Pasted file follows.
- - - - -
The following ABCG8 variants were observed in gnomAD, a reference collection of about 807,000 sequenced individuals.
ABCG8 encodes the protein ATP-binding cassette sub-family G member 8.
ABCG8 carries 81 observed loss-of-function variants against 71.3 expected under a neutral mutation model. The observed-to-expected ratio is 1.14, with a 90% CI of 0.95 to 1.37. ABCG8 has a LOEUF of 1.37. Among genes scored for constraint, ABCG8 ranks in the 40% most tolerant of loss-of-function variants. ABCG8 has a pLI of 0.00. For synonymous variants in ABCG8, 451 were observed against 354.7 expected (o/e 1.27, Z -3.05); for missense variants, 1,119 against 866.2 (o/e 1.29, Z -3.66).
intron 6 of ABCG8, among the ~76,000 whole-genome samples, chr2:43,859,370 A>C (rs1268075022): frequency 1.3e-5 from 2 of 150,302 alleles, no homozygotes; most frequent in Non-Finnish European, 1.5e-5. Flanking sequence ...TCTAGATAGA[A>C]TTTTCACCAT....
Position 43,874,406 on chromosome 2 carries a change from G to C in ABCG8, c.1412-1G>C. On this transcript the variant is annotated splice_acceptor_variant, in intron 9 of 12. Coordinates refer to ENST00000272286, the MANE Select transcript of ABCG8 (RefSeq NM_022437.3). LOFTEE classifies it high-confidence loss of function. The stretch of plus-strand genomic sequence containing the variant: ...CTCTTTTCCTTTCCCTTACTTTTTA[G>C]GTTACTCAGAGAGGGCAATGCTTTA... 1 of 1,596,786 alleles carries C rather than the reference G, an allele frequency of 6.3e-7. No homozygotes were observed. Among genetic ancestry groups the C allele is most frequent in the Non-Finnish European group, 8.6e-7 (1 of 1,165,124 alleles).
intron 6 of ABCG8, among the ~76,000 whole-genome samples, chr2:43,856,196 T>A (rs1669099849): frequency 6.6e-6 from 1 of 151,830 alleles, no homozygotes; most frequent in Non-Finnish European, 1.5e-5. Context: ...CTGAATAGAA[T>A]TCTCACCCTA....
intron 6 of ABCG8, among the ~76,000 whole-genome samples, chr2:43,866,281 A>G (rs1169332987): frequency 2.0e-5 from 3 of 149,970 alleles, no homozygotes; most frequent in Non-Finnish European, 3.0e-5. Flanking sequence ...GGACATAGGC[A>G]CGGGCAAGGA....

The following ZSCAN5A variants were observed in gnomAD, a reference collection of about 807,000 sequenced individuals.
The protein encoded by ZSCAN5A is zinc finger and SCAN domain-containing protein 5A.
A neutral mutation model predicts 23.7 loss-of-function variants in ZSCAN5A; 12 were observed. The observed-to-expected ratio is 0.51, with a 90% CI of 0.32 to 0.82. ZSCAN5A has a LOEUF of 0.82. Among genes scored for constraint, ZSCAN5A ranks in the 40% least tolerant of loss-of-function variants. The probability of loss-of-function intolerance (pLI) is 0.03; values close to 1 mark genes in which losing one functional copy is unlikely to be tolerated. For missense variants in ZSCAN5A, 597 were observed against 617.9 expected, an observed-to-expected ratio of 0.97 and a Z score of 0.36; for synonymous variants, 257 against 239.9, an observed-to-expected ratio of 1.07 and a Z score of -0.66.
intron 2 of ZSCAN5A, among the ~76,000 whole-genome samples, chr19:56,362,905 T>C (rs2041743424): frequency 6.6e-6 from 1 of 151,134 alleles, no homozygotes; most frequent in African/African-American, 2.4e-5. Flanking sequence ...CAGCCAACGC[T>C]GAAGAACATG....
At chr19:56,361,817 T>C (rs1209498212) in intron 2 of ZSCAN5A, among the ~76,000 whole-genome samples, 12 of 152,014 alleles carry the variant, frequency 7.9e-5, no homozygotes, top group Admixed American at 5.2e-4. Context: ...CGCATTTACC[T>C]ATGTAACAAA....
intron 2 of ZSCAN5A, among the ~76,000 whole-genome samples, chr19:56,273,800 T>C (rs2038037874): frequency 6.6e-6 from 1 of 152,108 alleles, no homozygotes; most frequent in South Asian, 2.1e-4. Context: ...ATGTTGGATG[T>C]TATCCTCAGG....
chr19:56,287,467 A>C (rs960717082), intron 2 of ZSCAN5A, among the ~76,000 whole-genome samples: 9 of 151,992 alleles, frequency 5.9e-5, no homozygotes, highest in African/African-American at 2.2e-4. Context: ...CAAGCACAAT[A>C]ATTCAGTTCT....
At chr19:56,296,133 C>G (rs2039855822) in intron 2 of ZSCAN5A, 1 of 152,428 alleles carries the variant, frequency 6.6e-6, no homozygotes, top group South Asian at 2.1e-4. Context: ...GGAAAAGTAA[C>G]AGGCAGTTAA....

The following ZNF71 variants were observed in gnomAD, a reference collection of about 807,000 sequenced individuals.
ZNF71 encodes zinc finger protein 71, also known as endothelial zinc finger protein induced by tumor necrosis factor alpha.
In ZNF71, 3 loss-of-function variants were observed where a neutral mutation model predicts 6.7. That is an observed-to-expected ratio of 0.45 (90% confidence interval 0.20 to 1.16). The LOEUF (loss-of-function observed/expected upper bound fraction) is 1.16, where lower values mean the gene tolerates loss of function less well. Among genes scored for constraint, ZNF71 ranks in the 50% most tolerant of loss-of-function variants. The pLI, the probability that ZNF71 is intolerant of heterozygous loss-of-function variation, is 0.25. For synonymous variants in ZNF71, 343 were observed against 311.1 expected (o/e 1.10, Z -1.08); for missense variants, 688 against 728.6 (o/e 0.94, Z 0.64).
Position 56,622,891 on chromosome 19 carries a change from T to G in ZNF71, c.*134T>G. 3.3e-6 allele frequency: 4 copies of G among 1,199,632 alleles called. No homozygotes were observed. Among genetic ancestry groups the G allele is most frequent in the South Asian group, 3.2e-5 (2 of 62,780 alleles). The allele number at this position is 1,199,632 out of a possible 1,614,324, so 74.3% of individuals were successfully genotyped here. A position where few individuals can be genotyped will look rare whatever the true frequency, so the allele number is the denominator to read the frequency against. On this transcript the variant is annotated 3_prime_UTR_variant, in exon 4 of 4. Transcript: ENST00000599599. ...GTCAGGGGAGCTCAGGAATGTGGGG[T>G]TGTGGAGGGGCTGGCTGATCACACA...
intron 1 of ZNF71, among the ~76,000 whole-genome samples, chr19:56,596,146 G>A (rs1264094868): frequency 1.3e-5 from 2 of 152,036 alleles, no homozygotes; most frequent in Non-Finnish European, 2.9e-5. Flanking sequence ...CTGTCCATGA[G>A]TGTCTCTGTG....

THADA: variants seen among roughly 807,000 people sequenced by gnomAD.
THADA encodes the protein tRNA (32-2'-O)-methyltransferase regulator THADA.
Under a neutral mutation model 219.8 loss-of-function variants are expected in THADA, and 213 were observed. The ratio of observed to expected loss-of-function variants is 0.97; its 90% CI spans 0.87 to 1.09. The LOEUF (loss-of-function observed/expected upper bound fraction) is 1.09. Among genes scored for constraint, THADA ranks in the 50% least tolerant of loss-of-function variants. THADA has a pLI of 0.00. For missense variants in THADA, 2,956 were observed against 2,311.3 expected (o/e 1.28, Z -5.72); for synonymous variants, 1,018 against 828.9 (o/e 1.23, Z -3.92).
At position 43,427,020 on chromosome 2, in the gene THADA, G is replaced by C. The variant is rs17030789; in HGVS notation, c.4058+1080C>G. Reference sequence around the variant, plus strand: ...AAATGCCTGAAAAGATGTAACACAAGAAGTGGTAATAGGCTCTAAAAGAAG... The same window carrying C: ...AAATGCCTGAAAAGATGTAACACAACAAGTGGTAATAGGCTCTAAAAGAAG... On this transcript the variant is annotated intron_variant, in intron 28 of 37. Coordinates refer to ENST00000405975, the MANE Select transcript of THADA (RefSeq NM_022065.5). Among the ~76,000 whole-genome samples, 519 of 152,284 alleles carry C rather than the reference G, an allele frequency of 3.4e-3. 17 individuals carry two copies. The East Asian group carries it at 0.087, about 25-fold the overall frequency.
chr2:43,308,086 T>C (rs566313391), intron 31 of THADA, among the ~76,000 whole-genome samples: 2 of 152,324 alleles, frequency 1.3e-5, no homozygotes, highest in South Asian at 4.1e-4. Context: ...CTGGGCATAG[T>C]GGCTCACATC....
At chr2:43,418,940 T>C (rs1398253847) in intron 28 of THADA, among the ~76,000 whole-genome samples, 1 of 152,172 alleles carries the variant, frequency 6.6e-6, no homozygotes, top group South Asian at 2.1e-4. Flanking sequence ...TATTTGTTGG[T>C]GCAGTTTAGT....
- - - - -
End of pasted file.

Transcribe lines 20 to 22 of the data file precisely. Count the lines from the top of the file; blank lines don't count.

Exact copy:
intron 1 of ZNF71, among the ~76,000 whole-genome samples, chr19:56,596,146 G>A (rs1264094868): frequency 1.3e-5 from 2 of 152,036 alleles, no homozygotes; most frequent in Non-Finnish European, 2.9e-5. Flanking sequence ...CTGTCCATGA[G>A]TGTCTCTGTG....

THADA: variants seen among roughly 807,000 people sequenced by gnomAD.
THADA encodes the protein tRNA (32-2'-O)-methyltransferase regulator THADA.